Calm Ulster coach Brian McLaughlin is taking it all in his stride
If Brian McLaughlin is feeling the strain of having guided Ulster to a better place than they have been for a very long time, he hides it well.
There has been no hint of tension this week during the countdown to the first of his side’s four remaining Magners League matches.
McLaughlin, who has just signed a one-year extension to his contract as Ulster's head coach, is calm and composed. After all, these were the goals he set himself; top four in the Magners League, knock-out stages of the Heineken Cup.
If others are surprised at Ulster’s position on those fronts, he is not. Similarly, if others are satisfied at what he has achieved to date, McLaughlin isn’t.
By nature he is a winner and, as he reminds you: “We’ve won nothing so far. All we have done is put ourselves in a place where we might win something.”
He is happy to be back at Ravenhill tonight and, in his own words “looking forward to it”.
In view of the importance of the match against Scarlets — Ulster’s last before they face Northampton — McLaughlin has recalled his big guns.
With BJ Botha and Ian Humphreys having recovered from elbow and hamstring injuries respectively, they are in the starting line-up.
Tighthead Botha has not played since the Heineken Cup match against Biarritz on January 15, while Humphreys has been sidelined since February 25.
Andrew Trimble also returns after missing the last two games, replacing young Conor Gaston.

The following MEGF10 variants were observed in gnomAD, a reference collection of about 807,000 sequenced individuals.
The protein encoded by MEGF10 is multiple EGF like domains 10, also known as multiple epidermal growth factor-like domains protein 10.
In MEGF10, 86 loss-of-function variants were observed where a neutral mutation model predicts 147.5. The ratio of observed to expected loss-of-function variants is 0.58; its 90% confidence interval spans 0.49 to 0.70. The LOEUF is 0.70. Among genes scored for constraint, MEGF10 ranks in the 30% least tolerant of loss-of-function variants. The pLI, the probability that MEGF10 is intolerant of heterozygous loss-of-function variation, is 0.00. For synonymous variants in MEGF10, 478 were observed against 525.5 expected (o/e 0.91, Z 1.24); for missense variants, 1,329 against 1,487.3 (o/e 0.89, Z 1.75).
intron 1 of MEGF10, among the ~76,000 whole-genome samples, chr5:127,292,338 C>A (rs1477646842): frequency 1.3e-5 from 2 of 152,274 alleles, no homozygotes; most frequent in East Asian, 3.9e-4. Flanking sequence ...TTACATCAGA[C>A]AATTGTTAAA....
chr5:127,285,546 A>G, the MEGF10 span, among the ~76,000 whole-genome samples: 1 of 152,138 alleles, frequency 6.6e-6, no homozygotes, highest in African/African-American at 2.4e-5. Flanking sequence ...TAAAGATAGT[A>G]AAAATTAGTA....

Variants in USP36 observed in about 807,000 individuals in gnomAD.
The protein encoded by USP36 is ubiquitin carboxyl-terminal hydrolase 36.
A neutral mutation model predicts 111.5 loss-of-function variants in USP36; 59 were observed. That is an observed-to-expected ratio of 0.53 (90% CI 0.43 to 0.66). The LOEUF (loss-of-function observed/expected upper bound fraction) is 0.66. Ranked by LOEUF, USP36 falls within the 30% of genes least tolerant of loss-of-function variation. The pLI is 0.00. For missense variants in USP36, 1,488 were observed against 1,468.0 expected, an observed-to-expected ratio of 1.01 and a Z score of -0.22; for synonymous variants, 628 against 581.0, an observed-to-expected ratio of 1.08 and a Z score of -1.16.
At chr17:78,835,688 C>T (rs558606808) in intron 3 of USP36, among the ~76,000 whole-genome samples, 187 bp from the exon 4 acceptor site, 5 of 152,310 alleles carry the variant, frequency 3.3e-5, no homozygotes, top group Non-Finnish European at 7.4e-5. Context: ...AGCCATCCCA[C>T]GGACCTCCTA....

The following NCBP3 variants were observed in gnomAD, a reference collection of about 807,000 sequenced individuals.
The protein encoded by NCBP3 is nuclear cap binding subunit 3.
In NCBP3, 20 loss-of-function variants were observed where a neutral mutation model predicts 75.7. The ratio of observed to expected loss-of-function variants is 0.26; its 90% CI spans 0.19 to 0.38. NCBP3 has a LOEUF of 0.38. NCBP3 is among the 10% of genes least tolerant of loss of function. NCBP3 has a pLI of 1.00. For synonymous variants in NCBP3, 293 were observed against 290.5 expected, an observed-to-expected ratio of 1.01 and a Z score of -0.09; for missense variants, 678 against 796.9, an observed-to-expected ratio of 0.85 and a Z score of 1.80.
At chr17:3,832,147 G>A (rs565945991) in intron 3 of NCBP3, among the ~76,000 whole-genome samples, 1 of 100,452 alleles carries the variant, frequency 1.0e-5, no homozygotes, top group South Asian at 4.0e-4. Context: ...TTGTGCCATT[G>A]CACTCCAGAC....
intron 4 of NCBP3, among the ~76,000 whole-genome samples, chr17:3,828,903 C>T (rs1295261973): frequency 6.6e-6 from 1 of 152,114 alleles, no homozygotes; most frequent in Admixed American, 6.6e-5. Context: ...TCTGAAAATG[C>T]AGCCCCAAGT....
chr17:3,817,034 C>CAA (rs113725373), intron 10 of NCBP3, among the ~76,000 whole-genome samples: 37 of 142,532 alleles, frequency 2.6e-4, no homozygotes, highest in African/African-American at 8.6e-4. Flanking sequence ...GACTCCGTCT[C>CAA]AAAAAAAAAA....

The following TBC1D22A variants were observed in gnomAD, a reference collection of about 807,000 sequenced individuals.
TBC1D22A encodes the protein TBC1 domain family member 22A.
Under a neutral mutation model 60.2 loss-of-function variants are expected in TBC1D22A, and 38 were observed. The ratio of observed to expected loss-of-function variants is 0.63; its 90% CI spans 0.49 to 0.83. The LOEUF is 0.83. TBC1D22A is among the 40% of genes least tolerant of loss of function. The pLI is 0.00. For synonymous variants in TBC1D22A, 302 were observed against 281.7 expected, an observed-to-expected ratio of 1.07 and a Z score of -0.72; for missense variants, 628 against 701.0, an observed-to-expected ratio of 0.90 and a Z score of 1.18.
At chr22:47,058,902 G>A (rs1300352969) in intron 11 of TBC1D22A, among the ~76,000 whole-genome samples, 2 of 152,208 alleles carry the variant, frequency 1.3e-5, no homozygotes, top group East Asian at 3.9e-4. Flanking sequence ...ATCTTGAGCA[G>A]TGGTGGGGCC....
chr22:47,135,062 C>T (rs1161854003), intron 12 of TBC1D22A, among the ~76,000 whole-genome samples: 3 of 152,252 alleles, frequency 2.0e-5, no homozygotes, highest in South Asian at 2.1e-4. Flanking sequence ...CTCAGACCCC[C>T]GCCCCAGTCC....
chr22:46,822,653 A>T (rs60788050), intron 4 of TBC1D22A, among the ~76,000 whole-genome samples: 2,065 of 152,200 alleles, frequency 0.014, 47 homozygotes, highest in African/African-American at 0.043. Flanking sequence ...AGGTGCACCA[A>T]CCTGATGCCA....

Rory Best resumes as captain, his Ulster involvement having been limited to 15 minutes against Glasgow last week following his return from Six Nations duty.
He is propped by Botha and Tom Court in an all-international front row.
In the back row Willie Fallon starts on the open side with Chris Henry dropping to the bench.
And with Humphreys back, Ruan Pienaar reverts to scrum half, ousting Paul Marshall.
Adam D’Arcy is restored at fullback, with Simon Danielli switching to the wing in a move which sees Craig Gilroy start on the bench.
McLaughlin knows that Ulster have managed to scrape through games of late.
So whilst delighted to have taken the points from those wins he acknowledges that his players
will have to up their performance tonight against Scarlets. With success imperative, he is hoping the lessons of last Friday evening’s match in Glasgow prove beneficial.
“Three, four years ago if we’d been 16-9 down we wouldn’t have won that game — certainly away from home,” he says.
“We’ve got that inner belief now, that culture within us that says, ‘No, we’ll fight right to the end and stick in here because we’re capable of doing it; we’ve got the right players in the right positions’.
“Scarlets are going to be very tough, no doubt about that. They, like us, need to win so it’s going to be a real battle for points.”